BWA 42ND ANNUAL SYMPOSIUM
VOCAL, VISIBLE, AND VIGILANT: THE BLACK WOMEN’S AGENDA, INC. HOSTS 42ND ANNUAL SYMPOSIUM TOWN HALL & AWARDS LUNCHEON ENCOURAGING WOMEN TO MAKE THEIR PRESENCE FELT IN WASHINGTON & LOCAL COMMUNITIES
WASHINGTON, D.C. – Friday, September 13, 2019 – Six months away from the first 2020 presidential primaries and caucuses, The Black Women’s Agenda, Inc. (BWA) hosted its 42nd Annual Symposium Town Hall and Awards Luncheon, encouraging the nearly 1,800 attendees to flex their political muscle and to help usher in the changes that they want to see in their communities and across the nation.
“A wise woman once said, ‘there is no power greater than a community that knows what it cares about,’” BWA President Gwainevere Catchings Hess said offering welcome remarks. “It’s up to us to make sure that the presidential candidates understand and align themselves with our positions on issues that impact Black women, our families, and the neighborhoods where we live.”
Joy-Ann Reid, host of MSNBC’s “AM Joy,” moderated the Town Hall, sharing the stage with a panel of journalists, political commentators, and other experts who encouraged participants to live their best lives by giving voice to the issues that are important to them and exacting promises for their support. The panelists included Keith Boykin, a CNN political commentator and New York Timesbest-selling author; Michelle Singletary, a nationally syndicated personal finance columnist for The Washington Post; Shermichael Singleton, political consultant, writer, commentator and contributing host of Vox Media’s “Consider It,” and Maya Wiley, senior vice president for social justice at the New School University and the Henry Cohen Professor of public and urban policy at the university’s Milano School of International Affairs, Management and Public Policy.
Following the 2018 midterm elections, Black women stand out as a demographic group with one of the largest voter turnouts.  In 2014, 2016 and 2018, more than 74% of Black women said they voted out of a sense of responsibility rather than to support a specific candidate or ballot measure.  Increasingly, however, Black women indicate that they are looking for a return on their voting investment.
The BWA Awards Luncheon was a celebration of Black women who were among the first to enter and distinguish themselves in their fields. Among this year’s honorees were: The Honorable Cheri Beasley, the first Black woman Chief Justice, Supreme Court of North Carolina; The Honorable Muriel Bowser, Mayor, District of Columbia; Dorothy Butler Gilliam, the first Black woman reporter for The Washington Post; political powerhouses Donna Brazile, Yolanda Caraway, Leah D. Daughtry, and Minyon Moore; Dr. Patricia A. Harris, the first Black woman president, American Medical Association; Joi Gordon, CEO, Dress for Success Worldwide, and Deryl McKissack and Cheryl McKissack Daniel, President and CEO, McKissack & McKissack, oldest woman/minority-owned professional design and construction firm in the United States. Spelman College sophomore Jacqueline Thompson was also recognized as the recipient of BWA’s Bright Futures Scholarship Award.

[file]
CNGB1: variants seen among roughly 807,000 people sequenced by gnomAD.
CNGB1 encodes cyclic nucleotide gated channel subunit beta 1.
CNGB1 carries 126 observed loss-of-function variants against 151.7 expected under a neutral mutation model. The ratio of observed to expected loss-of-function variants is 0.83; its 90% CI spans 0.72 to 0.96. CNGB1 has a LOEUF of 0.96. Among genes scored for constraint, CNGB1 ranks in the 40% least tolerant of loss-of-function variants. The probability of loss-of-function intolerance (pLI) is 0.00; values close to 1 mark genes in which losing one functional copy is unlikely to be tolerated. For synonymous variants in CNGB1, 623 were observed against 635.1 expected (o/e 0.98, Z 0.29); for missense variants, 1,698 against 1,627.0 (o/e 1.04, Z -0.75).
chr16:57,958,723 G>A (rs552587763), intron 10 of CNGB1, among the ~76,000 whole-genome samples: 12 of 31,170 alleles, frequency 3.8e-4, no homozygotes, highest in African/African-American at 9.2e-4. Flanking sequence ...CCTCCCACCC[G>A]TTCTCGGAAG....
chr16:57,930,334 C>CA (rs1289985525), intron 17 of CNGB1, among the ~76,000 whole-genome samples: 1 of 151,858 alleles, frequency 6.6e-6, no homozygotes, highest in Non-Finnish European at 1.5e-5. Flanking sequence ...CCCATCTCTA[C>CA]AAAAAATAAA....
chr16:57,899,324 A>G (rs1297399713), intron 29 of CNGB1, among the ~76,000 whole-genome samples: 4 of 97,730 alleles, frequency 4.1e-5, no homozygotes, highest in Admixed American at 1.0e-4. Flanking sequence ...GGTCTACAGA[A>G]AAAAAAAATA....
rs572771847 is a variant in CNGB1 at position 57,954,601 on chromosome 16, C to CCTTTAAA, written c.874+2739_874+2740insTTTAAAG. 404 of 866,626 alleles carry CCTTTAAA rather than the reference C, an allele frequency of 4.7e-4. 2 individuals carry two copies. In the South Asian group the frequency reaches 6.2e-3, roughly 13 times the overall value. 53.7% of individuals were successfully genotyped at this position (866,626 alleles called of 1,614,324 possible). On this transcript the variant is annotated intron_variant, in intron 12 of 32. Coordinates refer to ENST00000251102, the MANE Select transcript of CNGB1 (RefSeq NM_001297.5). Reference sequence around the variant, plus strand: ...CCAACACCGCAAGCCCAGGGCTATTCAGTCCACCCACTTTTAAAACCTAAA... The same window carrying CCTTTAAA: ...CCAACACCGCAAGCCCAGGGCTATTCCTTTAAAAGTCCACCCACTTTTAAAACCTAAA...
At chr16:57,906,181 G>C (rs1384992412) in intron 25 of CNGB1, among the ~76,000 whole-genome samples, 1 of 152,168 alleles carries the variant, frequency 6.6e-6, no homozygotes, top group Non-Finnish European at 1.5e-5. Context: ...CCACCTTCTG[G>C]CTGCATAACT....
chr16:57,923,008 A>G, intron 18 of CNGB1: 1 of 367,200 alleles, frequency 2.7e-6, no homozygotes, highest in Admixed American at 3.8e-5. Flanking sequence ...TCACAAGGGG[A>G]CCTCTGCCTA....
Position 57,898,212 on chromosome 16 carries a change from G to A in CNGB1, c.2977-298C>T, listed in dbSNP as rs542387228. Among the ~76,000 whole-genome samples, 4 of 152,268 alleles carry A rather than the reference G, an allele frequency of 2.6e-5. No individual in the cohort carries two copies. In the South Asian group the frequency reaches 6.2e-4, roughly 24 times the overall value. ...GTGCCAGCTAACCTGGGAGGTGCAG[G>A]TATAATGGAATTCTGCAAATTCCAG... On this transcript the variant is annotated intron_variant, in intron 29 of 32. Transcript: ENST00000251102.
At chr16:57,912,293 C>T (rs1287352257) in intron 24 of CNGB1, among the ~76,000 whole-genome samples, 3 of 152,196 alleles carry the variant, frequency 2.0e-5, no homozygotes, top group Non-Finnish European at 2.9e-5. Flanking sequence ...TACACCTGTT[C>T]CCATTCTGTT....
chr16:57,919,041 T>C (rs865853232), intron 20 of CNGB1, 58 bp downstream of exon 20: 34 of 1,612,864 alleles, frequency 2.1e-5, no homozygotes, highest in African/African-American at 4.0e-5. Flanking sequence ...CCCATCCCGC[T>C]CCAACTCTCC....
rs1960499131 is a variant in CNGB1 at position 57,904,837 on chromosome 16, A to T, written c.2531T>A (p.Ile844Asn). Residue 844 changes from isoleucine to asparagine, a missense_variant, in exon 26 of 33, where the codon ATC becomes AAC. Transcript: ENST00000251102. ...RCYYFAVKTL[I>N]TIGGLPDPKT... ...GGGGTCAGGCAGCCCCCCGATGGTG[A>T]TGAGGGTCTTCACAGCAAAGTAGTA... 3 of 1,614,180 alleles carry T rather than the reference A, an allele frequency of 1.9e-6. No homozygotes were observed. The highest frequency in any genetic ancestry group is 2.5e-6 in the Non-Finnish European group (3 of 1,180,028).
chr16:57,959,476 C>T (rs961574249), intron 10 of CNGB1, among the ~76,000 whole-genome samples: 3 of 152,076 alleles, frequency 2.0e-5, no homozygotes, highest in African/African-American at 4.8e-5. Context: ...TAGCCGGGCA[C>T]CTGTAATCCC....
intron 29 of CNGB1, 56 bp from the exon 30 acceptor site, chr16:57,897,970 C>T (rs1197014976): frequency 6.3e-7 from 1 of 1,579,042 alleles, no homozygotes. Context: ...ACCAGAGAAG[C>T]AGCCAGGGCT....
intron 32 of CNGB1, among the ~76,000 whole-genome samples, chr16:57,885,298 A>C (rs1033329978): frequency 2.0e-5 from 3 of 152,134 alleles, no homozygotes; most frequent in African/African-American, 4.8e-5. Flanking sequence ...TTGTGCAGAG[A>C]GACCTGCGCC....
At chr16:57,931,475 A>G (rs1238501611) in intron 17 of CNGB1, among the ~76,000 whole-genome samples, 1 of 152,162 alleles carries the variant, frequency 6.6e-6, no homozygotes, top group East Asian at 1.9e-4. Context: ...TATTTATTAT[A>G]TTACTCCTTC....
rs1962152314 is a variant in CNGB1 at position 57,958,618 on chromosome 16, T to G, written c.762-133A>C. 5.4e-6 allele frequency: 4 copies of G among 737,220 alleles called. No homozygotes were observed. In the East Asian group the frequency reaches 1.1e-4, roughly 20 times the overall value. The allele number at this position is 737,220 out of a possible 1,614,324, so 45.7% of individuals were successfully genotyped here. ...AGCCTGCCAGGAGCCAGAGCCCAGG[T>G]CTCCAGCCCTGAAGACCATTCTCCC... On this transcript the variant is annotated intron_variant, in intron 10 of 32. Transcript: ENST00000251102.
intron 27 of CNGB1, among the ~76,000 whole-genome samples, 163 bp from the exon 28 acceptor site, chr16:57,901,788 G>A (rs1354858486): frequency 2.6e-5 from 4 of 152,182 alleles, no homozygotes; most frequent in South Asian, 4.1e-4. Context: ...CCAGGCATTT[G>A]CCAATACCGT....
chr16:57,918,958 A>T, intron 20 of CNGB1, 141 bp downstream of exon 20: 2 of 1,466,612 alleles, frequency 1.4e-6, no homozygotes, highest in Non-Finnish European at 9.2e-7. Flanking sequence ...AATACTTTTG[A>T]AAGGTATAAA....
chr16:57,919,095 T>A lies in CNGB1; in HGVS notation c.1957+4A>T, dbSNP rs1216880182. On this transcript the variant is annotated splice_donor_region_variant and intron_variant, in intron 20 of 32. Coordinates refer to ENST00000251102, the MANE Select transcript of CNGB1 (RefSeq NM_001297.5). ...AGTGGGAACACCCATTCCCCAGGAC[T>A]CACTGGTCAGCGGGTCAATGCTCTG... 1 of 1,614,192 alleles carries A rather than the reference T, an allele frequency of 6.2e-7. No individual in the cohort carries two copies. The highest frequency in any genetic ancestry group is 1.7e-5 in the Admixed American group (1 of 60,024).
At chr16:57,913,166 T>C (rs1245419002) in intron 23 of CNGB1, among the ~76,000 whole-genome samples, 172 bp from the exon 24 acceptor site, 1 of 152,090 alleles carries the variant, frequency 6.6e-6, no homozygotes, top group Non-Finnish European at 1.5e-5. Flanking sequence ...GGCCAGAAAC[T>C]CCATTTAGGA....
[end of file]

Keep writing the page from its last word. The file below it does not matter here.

“As Black women, we have proven that we are a force to be reckoned with,” Hess said, “however securing our interests and maintaining a presence on the America’s landscape requires us to be ever vocal, visible and vigilant.”
Founded in 1977 in Washington, DC, The Black Women’s Agenda, Inc. is a nonprofit 501(C)3 organization that generates awareness and support for issues that secure, protect and advance the rights of Black women and their families. BWA is comprised of 22 collaborating organizations — sororities, civic, service and faith-based — representing millions of women worldwide.
On Saturday, May 18, 2019, The Black Women’s Agenda, Inc. (BWA) hosted faith leaders, activists, elected officials, journalists, and a multicultural audience from across the political spectrum today for Spirit of Change, a frank and expansive town hall conversation, moderated by ABC News Anchor and Correspondent T.J. Holmes, on some of the nation’s most pressing issues, at Washington National Cathedral in the nation’s capital.
In 2008, the US House of Representatives designated July as Bebe Moore Campbell National Minority Mental Health Awareness Month, which is now known as National Minority Mental Health Awareness Month.
The Agency for Healthcare Research and Quality (AHRQ) reports that “racial and ethnic minority groups in the U.S. are less likely to have access to mental health services, less likely to use community mental health services, more likely to use emergency departments, and more likely to receive lower quality care. Poor mental health care access and quality contribute to poor mental health outcomes, including suicide, among racial and ethnic minority populations.”
To be valued and loved. To know who you are and that you have the power to make a
difference. These are the aspirations that most mothers have their children. In 1938, in the midst
of the Great Depression, twenty African-American mothers in Philadelphia came together not to
hope or to dream, but to provide the opportunities, experiences, and life lessons that would
enable their children and others to live these truths. Their group became Jack and Jill of
America, Inc. – an organization that’s mission is as relevant today as it was some 80 years ago.